I recall a sultry Saturday night in the 1970s, when knee-high to a grasshopper, I sat beside my father at a table bearing the heavyweights of the Southern Natal Soccer Board at a Soccer Awards Ceremony at the Himalaya Hotel.
With the formalities over, a band called The Blue Jewels commandeered the stage. Like a powerful, orchestrating yet symbiotic organism it amplified, fed off and again replenished the enthusiasm of its audience.
They were a tight unit of young South African Indian men who, in all likelihood, would return to exploitative day jobs the Monday after, but for that Saturday night, to Durban's assembled soccer elite, they were the undisputed gods of the dance floor.
That night mirrored thousands of others featuring a variety of bands, audiences and occasions at other venues such as the Island Hotel in Isipingo Beach, The Railway Hotel in Isipingo Rail, The Butterworth Hotel in the Durban CBD, the Apollo Nightclub in Sea Cow Lake, the Admiral Hotel in Overport, the Pelican and Sol Namara in Chatsworth, and at the Goodwill Lounge in Victoria Street.
Playing at rock concerts at Curries Fountain, the Durban City Hall's Battle of the Bands and community halls were rock bands such as Nirvana (well before Kurt Cobain's Nirvana), Atomic Ash, Shackles, a folk outfit called Silver Willow Sterling and many more of that ilk.
Inspired by 1960s and 1970s groups such as the Beatles, Pink Floyd and Led Zeppelin, our bands composed a multitude of original songs with socially conscious lyrics.
Because the major record companies of the time were white-owned and goaded by an apartheid mindset, they never considered the anomaly of a South African Indian rock band as a viable option.
Our musicians received either no material reward or were paid a pittance for their musical undertakings. Yet, they were driven by an overwhelming passion for their vocation.
Recently, I met a few of the remaining members of these bands. Their stories, while touched by nostalgia, are still underlined by the pathos of just how much more professionally rewarding their lives as musicians could have been.
Decades later, it seems nothing has changed. We, the very community from which they originate, are ignoring their contributions to our musical canon.
The Crescendos, for example, was established about 50 years ago in Cato Manor. How then are they not part of our heritage? How is it that not one single celebration commemorating our 150 years in this country ever considered inviting them or any of their peers to share the stage?
Unlike Bollywood, we own this intellectual property. No other community in the world can lay claim to this legacy. This is our Buena Vista Social Club. Along with our strugglistas, our writers and poets - these are my heroes.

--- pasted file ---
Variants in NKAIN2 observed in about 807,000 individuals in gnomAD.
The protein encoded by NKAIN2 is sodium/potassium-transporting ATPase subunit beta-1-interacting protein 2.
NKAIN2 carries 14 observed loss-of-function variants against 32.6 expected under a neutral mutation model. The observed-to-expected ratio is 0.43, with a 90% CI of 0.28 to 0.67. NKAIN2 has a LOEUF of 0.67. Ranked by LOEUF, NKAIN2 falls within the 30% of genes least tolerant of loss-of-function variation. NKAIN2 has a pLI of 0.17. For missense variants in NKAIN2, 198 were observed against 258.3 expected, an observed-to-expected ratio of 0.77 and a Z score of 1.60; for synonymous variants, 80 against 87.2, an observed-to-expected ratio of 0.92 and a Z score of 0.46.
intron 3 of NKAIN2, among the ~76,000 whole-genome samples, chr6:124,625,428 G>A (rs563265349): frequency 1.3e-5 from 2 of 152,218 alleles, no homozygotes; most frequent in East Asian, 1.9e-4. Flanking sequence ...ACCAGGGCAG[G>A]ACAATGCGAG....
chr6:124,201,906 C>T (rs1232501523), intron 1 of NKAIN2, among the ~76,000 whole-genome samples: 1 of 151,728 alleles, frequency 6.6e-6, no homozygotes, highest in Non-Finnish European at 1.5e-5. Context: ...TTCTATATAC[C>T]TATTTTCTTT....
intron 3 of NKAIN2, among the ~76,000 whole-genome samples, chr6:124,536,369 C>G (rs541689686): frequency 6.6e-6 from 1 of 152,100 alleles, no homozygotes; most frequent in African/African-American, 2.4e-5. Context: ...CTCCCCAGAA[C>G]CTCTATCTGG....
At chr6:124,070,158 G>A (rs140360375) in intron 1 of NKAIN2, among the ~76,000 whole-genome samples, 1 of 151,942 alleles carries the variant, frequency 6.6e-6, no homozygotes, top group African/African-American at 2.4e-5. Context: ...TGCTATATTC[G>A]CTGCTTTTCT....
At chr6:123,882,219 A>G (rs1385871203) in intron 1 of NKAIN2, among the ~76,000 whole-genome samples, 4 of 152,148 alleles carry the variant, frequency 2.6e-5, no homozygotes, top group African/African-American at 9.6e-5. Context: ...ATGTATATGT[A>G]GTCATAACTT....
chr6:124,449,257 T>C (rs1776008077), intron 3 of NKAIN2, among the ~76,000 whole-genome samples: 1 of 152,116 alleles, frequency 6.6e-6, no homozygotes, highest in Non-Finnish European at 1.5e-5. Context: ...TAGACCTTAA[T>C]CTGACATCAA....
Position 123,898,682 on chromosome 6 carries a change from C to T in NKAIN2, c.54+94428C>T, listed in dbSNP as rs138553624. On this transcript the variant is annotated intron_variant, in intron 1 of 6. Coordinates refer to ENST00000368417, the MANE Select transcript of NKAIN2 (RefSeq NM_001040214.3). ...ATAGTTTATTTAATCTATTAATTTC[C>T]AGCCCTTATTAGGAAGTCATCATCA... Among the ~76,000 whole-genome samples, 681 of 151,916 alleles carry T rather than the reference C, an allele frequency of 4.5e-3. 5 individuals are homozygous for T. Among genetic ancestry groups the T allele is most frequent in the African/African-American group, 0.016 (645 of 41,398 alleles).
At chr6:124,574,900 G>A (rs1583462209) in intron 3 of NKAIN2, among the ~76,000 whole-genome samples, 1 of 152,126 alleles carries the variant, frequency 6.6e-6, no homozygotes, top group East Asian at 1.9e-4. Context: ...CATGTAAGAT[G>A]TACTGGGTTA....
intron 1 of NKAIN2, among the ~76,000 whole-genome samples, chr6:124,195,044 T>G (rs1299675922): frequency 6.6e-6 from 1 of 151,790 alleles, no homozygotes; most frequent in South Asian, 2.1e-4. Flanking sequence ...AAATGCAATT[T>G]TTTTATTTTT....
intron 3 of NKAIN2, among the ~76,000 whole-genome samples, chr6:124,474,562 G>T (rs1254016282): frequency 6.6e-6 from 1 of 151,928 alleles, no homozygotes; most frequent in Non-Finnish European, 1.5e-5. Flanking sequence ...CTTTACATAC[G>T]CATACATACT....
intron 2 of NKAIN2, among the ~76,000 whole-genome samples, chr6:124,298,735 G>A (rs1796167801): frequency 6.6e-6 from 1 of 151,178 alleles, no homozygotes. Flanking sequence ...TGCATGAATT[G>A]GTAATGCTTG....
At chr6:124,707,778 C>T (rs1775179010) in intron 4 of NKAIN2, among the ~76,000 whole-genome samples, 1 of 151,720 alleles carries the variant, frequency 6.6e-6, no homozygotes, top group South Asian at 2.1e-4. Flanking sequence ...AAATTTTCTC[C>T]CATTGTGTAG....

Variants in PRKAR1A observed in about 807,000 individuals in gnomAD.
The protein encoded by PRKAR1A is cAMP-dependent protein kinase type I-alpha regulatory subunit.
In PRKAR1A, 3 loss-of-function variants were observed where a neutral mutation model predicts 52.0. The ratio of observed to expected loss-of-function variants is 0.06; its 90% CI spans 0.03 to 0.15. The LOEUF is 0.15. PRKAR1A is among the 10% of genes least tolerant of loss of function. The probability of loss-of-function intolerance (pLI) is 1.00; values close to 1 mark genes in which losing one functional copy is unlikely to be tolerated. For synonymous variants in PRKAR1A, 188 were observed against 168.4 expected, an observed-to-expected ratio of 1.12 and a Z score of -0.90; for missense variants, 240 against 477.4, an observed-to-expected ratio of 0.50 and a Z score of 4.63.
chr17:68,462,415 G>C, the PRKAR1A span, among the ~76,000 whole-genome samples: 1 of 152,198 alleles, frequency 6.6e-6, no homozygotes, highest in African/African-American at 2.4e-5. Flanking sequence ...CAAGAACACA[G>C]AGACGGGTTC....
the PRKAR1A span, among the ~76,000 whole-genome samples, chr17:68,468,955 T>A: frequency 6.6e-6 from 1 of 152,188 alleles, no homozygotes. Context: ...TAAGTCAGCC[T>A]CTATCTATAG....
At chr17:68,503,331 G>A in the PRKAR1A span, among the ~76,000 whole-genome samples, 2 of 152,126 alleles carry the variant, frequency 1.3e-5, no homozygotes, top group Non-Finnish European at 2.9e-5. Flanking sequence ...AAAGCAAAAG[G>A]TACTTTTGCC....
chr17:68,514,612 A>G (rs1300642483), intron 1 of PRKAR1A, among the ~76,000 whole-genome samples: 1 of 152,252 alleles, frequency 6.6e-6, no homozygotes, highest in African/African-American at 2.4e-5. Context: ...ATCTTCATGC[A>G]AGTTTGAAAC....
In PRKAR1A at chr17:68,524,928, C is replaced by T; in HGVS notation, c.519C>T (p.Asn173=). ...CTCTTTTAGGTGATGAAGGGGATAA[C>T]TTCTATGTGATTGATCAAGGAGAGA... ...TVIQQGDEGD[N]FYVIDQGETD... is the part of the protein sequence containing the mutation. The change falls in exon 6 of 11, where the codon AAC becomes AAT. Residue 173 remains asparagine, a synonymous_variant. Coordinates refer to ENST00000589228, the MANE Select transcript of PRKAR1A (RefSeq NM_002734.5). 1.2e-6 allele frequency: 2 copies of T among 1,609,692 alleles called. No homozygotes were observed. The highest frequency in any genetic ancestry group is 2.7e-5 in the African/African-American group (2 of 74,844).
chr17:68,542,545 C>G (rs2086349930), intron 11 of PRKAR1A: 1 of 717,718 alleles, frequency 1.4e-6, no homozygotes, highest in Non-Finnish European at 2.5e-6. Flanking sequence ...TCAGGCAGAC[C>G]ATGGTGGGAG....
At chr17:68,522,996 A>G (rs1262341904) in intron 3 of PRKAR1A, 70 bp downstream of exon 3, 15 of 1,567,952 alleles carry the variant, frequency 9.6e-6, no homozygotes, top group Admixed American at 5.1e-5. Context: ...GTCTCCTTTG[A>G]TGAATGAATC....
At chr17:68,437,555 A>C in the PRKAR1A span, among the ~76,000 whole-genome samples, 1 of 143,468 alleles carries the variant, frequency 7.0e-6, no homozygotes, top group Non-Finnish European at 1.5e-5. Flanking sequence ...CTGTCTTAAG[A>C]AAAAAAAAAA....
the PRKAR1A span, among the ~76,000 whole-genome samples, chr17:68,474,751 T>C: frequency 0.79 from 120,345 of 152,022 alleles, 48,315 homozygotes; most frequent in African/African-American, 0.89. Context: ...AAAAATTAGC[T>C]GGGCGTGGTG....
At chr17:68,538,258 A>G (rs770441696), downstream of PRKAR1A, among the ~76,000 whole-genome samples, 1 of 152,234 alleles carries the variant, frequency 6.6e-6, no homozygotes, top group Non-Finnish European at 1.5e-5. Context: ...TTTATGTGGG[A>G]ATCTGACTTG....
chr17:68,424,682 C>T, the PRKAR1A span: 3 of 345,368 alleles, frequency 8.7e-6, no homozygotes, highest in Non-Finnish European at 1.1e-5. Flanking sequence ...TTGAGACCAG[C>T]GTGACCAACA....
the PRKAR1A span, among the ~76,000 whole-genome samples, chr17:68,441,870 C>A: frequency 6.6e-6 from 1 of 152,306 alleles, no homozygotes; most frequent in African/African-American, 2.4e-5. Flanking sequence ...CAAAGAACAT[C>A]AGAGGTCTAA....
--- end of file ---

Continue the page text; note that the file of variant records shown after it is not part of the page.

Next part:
We owe them our respect, reverence, gratitude and recognition.
I'd venture to say we've now become our very own post-apartheid stooge. We're so smugly ensconced in our luxury German sedans and our Bollywood aspirations that we will neither court anything mildly controversial nor connect with a medium of expression which resides outside the mainstream. And yet, our history tells us that we're a resilient, creative and analytical people.
Again, don't get me wrong on this Bollywood thing. I actually think that Shahrukh Khan fellow comes across as a really nice, well-grounded person. But, I believe we're so much more than Bollywood.
We're Natalie Rungan with her jazz-tinged melodies. We're Elvis Gengiah with his rap-metal, hip-hop ensemble called Anarchy. We're the cutting-edge sound of Kesivan Naidoo, who deconstructed and reshaped Beyoncé's Single Ladies to the extent you can just recognise it.
We're Lloyd Paul, whose distinctive weave, boundless energy and Afro-Pop/Kwaito-inspired, rhyming-backwards musical hybrid could have been the best vehicle for racial integration at any celebration of our 150 years in this country. Unfortunately, he just wasn't invited.
These are brave and inventive individuals, on the periphery of our community, determinedly pursuing a way of articulating our experience in a fresh, different way and I hope there are hundreds more we've yet to come across.
Thus, at this point in our history, I want to see a Morningside white drummer, a black female vocalist from Umlazi and their rock guitar maestro from Whitehouse, Phoenix, clutch a handful of Grammies and gushingly thank all those back home who actively listened to what they had to say - when they needed it most. Am I asking too much? I don't think so.
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- Yogan Naidoo is a Wits Business School NVC Award Winner, a Nelson Mandela Scholar, one of 35 South African leaders selected for the Dinokeng Scenarios, and the founder of a business strategy consulting firm. He writes in his personal capacity.